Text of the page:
The Turkish telecoms market, which has recently experienced a dramatic slowdown in subscriber growth and revenues in both the fixed and mobile sectors, is set for a turnaround in 2002, a new IDC report forecasts. The total revenue for Turkish telecoms operators is thus expected to grow over eight percent in 2002, primarily driven by the return of positive trends in the mobile sector.
Revenue growth in the Turkish telecoms industry came to a near halt in 2001, following the devaluation of the lira and the ensuing economic crisis. Growth in connections has fallen from its highs, revenues in both the mobile and fixed-line markets have taken a nosedive and the government's telecoms privatization plans have seen major delays.
"The mobile sector took the largest hit in 2001," said IDC CEMA telecoms analyst Mohsen Malaki. Macroeconomic conditions affected the mobile market in different ways. While operators continued to expand the mobile subscriber base, albeit at a much slower pace, a severe drop in the average revenue per user resulted in a contraction of mobile services revenues.
According to Malaki, "What contributed most to the drop in revenues per subscriber was the drastic reduction in the consumer's purchasing power, rather than any heated price competition from the new entrant." The report, titled Telecoms and Mobile Communications Services in Turkey 2000-2005, forecasts a change in tides for all segments of Turkey's telecoms market in 2002, although the recovery will be a gradual one.
Within the fixed telecommunications services, the fastest growth will come from managed data network services (MDNS), with a compound annual growth rate of 32 percent between 2001 and 2005. IP-VPN and frame relay/cell services will contribute the bulk of MDNS growth over the period. Nonetheless, the IDC report predicts that revenue from datacoms services will remain a miniscule portion of overall telecoms network services (TNS) revenues, with voice telephony continuing to dominate the market through 2005.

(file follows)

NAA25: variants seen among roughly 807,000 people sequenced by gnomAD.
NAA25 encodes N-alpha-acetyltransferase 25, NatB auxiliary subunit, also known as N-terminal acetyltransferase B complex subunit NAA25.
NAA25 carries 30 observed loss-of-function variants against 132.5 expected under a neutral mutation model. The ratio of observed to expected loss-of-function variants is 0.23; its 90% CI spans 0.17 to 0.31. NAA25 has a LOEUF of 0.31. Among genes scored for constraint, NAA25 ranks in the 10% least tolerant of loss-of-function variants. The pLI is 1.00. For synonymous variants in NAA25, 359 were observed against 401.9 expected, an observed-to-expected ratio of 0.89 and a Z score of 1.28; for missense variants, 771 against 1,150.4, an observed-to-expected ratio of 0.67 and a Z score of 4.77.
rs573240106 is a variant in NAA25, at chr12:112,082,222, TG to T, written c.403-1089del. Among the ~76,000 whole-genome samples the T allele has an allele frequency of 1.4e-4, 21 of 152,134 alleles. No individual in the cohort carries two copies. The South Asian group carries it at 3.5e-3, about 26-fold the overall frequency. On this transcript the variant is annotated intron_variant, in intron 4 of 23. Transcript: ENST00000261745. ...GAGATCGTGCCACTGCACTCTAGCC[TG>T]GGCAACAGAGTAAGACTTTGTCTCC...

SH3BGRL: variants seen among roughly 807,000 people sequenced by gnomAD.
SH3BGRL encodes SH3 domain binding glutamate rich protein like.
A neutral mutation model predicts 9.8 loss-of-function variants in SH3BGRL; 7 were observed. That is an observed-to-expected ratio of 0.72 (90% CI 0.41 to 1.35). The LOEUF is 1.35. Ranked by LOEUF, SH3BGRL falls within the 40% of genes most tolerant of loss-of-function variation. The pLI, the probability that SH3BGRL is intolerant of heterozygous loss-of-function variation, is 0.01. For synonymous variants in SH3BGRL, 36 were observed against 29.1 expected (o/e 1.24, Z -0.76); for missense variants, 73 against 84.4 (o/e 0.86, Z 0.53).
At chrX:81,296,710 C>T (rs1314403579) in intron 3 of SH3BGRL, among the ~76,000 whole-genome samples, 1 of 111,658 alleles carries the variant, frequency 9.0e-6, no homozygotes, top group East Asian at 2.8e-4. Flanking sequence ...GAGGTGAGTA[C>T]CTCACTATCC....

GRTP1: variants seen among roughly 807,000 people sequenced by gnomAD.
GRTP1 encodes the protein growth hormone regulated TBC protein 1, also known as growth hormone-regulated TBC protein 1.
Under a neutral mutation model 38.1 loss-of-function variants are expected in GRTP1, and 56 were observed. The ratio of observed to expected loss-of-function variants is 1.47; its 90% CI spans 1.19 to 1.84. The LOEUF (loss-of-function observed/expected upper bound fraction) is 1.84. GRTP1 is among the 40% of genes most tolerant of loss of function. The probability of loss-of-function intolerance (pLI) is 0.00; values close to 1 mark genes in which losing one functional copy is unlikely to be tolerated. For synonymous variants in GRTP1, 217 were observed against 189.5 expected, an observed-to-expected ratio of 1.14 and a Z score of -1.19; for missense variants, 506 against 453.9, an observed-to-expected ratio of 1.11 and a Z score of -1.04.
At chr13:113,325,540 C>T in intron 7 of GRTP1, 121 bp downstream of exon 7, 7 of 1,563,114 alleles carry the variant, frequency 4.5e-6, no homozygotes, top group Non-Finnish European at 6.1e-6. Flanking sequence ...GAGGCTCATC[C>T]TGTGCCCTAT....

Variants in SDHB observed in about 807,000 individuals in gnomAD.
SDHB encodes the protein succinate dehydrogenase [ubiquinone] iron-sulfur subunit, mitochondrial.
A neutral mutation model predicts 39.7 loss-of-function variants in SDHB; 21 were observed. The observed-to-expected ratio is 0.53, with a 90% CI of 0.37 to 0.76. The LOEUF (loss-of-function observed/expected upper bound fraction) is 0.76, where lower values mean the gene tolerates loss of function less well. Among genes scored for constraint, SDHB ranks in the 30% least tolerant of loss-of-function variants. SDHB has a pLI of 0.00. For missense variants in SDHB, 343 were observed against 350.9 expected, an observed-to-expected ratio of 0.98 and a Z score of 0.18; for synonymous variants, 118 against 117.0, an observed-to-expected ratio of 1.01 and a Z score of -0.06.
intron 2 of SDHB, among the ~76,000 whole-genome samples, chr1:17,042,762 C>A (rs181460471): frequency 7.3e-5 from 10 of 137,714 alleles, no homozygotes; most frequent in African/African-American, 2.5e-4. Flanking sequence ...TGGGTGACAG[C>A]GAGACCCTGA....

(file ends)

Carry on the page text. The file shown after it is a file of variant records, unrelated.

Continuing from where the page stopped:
According to the IDC report, growth in the mobile subscriber base, along with the resumption of growth in mobile usage and fixed-to-mobile calls, will make mobile the biggest driver of revenue growth in Turkey's telecoms market, contributing almost half of total telecoms revenues by 2005.
Within the mobile sector, hyper-growth is expected in mobile data revenues, which IDC projects will reach $268 million by 2005. Short Messaging Services (SMS) will develop into a major component of mobile operator revenues, generating a staggering $2.6 billion over the next four years.
As Malaki explained, "The Turkish youth have shown an amazing affinity for SMS thus far. With a high penetration of prepay, a young population, and greater operator emphasis on new SMS-based services, this revenue stream will only increase in significance for the operators."
Although incumbents and new entrants alike are moving aggressively to capitalize on the expected growth in these services, operators in both mobile and fixed-line markets realize that voice services will continue to dominate their revenue streams over the next four years.
Incumbents will therefore be actively trying to protect their market shares in voice services in the coming years. "The intensified competition anticipated with the entry of two new mobile operators never materialized in 2001," according to Malaki, "but with a gradual return to revenue growth in 2002, new entrants will exert more pricing pressure on voice services to gain market share." The shrinking voice tariffs will force mobile operators to broaden their revenue streams through a focus on mobile data and corporate solutions.
IDC is a global market intelligence and advisory firm helping clients gain insight into technology and ebusiness trends to develop sound business strategies. More than 700 analysts in 43 countries provide global research with local content. — (menareport.com)
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